Last Updated on 22nd January 2021
Once you realize that your current wardrobe needs a facelift, the next step isn’t to go out and buy new clothes. Yep, you heard us right. Before you can invest in classic button-down shirts or perfectly-cut chinos to elevate your style, you first need to figure out what you’re going to do with your old clothes.
Should you donate them? Throw them in the trash? If you care about the environment, neither of those options is ideal. According to statistics from the Environmental Protection Agency, Americans generated 11.9 million tons of clothing and footwear in 2015. Of this amount, only 1.7 million tons (less than 15 percent) were recycled.
And while donating your clothes to your local donation center is certainly better than throwing them away, even then, your clothes can potentially end up in a landfill. Donation centers often get flooded with more clothes than they can handle, forcing them to either send clothes overseas or to landfills.
So, what should you do with your old clothes, exactly? To upgrade your style without contributing to landfills and waste, here are some better ways to ditch your old duds.
Sell Your Gently-Used Clothing
If there’s nothing wrong with your old clothes, try selling them before anything else. Not only will your clothes get a second chance at life, you can also put the money you earn towards your stylish, new wardrobe. Talk about a win-win.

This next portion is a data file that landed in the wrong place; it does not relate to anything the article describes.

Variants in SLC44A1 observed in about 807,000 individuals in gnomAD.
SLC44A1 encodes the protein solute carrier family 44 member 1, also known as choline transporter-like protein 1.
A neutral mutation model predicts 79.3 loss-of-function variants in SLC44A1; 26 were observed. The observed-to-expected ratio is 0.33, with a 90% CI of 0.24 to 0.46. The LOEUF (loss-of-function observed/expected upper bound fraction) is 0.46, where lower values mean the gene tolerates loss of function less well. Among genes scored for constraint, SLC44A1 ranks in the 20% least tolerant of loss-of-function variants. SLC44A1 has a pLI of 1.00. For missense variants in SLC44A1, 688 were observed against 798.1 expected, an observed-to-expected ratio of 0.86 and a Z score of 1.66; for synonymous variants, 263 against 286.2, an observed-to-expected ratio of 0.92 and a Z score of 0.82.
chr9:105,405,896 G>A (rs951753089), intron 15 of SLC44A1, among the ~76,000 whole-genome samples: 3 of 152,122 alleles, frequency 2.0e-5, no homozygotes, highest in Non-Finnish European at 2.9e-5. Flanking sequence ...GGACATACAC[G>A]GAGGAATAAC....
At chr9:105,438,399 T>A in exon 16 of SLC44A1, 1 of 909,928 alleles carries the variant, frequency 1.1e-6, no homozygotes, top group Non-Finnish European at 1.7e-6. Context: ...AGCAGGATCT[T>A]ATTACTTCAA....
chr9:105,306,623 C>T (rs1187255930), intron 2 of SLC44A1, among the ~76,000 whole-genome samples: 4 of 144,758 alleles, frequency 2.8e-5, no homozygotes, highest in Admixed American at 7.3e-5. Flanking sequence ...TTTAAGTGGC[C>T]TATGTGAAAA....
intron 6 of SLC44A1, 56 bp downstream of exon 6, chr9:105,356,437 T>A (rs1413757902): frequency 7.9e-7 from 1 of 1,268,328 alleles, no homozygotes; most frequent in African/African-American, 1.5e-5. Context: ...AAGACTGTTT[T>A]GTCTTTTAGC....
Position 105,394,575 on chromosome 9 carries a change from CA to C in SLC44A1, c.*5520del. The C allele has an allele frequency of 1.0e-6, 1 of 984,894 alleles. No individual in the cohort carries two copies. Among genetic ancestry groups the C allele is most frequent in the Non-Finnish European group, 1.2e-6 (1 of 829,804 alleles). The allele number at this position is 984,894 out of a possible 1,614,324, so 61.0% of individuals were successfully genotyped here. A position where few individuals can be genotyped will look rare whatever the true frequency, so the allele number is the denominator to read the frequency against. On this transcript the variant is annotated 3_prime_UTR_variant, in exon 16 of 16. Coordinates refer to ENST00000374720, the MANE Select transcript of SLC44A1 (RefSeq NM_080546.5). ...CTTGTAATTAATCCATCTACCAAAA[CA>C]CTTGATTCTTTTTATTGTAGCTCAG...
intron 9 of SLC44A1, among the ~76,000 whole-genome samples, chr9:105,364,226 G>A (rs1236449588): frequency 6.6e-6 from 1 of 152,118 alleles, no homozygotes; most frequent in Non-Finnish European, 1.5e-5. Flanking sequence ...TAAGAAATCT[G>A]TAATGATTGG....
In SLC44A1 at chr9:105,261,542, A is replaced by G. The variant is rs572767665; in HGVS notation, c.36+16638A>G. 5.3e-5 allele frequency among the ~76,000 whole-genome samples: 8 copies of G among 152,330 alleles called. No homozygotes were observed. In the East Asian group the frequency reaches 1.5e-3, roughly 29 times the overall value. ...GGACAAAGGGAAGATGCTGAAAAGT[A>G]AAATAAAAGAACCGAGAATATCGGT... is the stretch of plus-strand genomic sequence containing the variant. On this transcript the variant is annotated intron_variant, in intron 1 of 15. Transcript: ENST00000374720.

Besides, modern technology has made it ridiculously easy to sell your gently-used clothing. From selling them on eBay to using fashion resale sites like thredUP and Poshmark, there are plenty of websites that make selling clothes a total breeze. Just make sure that you research each resale site carefully to give your well-made clothes the best shot at selling.
So, you’ve recently turned over a new leaf and are now committed to wearing high-quality clothes that are made to last. Finally, you can say goodbye to your cheap clothing that did you no favors, style-wise.
But let’s face it, who wants to buy poorly-made clothes that are falling apart? If you can’t sell your old clothing, you can always give them a new purpose in life by upcycling them.
Upcycling refers to the process of taking old or discarded objects (like your clothes) and turning them into something of value. For instance, if your beloved collegiate clothing has seen better days, consider turning them into a cool sports blanket that you can love and cherish for years to come.
Are your ratty, old shirts not fit for a blanket? Turn them into dog rope toys for your pup (better yet, make tons of dog toys and give them to an animal shelter). There are so many cool ideas for upcycling clothing these days that you should have no trouble turning your old clothes into something unique.
Get in Touch with Textile Recyclers
Although you may just now be hearing about it, the growing problem of textile waste has actually been going on for decades. In an effort to curb the amount of clothing that ends up in landfills, many non-profits and clothing companies have created programs to help people recycle clothing responsibly.